When I started the Know-Your-Ears Project in Mexico I did not know about Dr. Hetzler. Not for long. Surfers kept telling me about this doctor from Santa Cruz, THE doctor for Surfer’s Ear surgery. Many didn’t remember the name but every surfer from California had heard about this guy who uses a chisel to get rid of the bone growth in the ear canal. Eventually, somebody knew his name. Of course, I wanted to get in touch with him as soon as I was in the USA a couple of months later. And it worked out. I was lucky enough that Dr. Hetzler shared his work with me.
Like most other ENT surgeons Douglas Hetzler used to perform Surfer’s Ear surgery with a drilling device for several years. Even though his results were good, he was not happy with the technique. His main concern was the acoustical trauma caused by the drilling (over 120 dB) which gave some surfers tinnitus or even hearing loss after the operation. A conversation with Dr. Robert Scott, the founder of Doc’s proplugs who has been involved in research on Surfer’s Ear for many years, let Dr. Hetzler reconsider. It is known that the bone was growing in layers. This seemed to be favorable for using a chisel. Dr. Hetzler tried a new technique and realized that the chisel was working really well to get rid of the bone growth. Soon the drill became unnecessary in most of his operations. Working together with surgical gear suppliers he enhanced his tools and found out that besides avoiding the acoustical trauma the chisel caused less tissue damage. After surgery the ear canal would heal way faster. When using a drill for Surfer’s Ear surgery the area the surgeon is working on gets hot. So even if the surgeon does not touch the facial nerve the thermal trauma of the drill can lead to nerve damage. Damaging the facial nerve is the most severe side effect of Surfer’s Ear surgery. So the chisel is a great way to lower the risk.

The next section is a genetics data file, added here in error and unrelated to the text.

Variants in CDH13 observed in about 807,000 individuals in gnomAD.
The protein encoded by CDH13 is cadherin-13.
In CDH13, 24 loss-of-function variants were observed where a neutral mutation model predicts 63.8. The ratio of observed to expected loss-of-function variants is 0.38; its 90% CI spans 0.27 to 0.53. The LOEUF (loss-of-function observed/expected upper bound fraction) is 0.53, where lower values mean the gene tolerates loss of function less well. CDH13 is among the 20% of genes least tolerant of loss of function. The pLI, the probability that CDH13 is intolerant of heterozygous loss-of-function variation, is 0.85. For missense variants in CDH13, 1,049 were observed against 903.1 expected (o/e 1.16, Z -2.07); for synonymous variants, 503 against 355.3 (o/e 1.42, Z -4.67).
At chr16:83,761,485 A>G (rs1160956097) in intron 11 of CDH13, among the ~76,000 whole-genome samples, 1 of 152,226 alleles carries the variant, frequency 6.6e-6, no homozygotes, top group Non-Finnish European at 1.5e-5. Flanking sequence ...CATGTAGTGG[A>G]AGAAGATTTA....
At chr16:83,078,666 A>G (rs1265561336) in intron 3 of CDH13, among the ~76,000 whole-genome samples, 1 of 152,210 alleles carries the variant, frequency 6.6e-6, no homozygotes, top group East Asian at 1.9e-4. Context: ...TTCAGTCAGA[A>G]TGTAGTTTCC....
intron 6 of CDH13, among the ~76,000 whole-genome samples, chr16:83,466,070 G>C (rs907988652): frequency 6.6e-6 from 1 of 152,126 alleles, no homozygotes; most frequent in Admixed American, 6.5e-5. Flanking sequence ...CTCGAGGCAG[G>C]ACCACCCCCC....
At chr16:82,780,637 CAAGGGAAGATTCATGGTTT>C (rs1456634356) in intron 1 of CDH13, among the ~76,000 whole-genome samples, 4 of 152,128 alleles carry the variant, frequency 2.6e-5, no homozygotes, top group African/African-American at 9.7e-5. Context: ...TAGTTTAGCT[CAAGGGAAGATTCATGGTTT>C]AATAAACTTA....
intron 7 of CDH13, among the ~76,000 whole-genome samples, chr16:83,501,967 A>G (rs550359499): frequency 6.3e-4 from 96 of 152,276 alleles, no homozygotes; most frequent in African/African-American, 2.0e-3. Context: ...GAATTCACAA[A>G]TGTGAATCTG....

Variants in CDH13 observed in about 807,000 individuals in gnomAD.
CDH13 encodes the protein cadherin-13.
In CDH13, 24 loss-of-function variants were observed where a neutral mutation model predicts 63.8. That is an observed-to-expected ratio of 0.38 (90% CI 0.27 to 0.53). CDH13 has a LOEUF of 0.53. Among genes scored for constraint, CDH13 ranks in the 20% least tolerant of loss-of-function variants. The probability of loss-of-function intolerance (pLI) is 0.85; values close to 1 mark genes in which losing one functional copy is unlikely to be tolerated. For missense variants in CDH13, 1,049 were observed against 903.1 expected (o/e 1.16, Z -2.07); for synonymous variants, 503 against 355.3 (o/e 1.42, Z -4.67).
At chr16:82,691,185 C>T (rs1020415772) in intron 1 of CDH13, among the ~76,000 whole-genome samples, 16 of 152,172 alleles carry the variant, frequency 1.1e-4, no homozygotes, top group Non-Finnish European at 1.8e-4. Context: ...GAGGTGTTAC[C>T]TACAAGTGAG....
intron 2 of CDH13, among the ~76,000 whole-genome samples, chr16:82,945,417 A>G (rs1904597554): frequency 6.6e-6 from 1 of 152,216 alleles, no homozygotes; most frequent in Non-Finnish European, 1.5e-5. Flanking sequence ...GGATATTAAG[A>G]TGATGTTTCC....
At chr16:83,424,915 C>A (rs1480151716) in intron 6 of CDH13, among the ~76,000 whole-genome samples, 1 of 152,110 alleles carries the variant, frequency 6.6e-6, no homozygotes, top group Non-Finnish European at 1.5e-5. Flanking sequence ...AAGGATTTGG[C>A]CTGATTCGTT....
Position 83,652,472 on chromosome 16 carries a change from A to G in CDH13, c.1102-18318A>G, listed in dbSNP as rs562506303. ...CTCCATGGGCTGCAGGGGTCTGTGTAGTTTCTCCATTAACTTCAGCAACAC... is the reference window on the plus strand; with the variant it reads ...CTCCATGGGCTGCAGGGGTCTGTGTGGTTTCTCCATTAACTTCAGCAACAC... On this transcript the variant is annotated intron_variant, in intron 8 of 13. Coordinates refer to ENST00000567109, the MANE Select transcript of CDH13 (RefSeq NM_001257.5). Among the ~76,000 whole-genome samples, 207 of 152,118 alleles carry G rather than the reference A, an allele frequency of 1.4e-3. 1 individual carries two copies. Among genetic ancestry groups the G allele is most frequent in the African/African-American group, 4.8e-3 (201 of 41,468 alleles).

After having performed surgery with the chisel on 1850 surfers’ ears Dr. Hetzler can show off great results. No facial nerve damage, quick recovery so the surfers can get back into the water after about 3 weeks in average. Also, he was able to operate even the most severe bone growth through the ear canal and did not have to use a approach from behind the ear which would be more invasive. Dr. Hetzler has documented and published his work to get the knowled spread in the scientific community. Now several doctors in California, Australia, France, Japan, and the UK have implemented the chisel technique.
This certainly does not mean the chisel is the only way. If your surgeon is used to operating with a drill there is no point in convincing him to start with a chisel on you. The drill has certain advantages especially when the exostosis touches the ear drum.
A few decades ago the chisel used to be the only way to operate the bone around the ear and ENT surgeons used to chisel around for hours every day. Then, the drill took over – for a reason. The safety of many operations was improved, the time of surgery was cut in half or less and some complicated operations like Cochlea implantations were only made possible by drilling. So the drill is not bad but in many cases of Surfer’s Ear the chisel is better as long as the surgeon knows how to use it.
If you are about to undergo surgery make sure you talk to your surgeon about the technique he is going to apply. Is it really a good idea to go to Thailand to save money? Probably not. In landlocked areas or warm water destinations you could be the first Surfer’s Ear patient for an ENT surgeon. It will pay off to see somebody who is experienced with this particular operation.
Dr. Hetzler has patients from all over the USA and a whole bunch of international patients as well. His anecdotes are really entertaining and he is happy to share his knowledge and experience with ENT surgeons around the world. After learning from him as part of the Know-Your-Ears Project I am meeting ENT surgeons everywhere I travel to share the knowledge and to learn more myself. So far the feedback has been great.
For more information see:
Hetzler, Douglas G. “Osteotome technique for removal of symptomatic ear canal exostoses.” The Laryngoscope 117.S113 (2007): 1-E4.
Dr. Hetzler online: http://www.pamf.org/dr-douglas-hetzler.html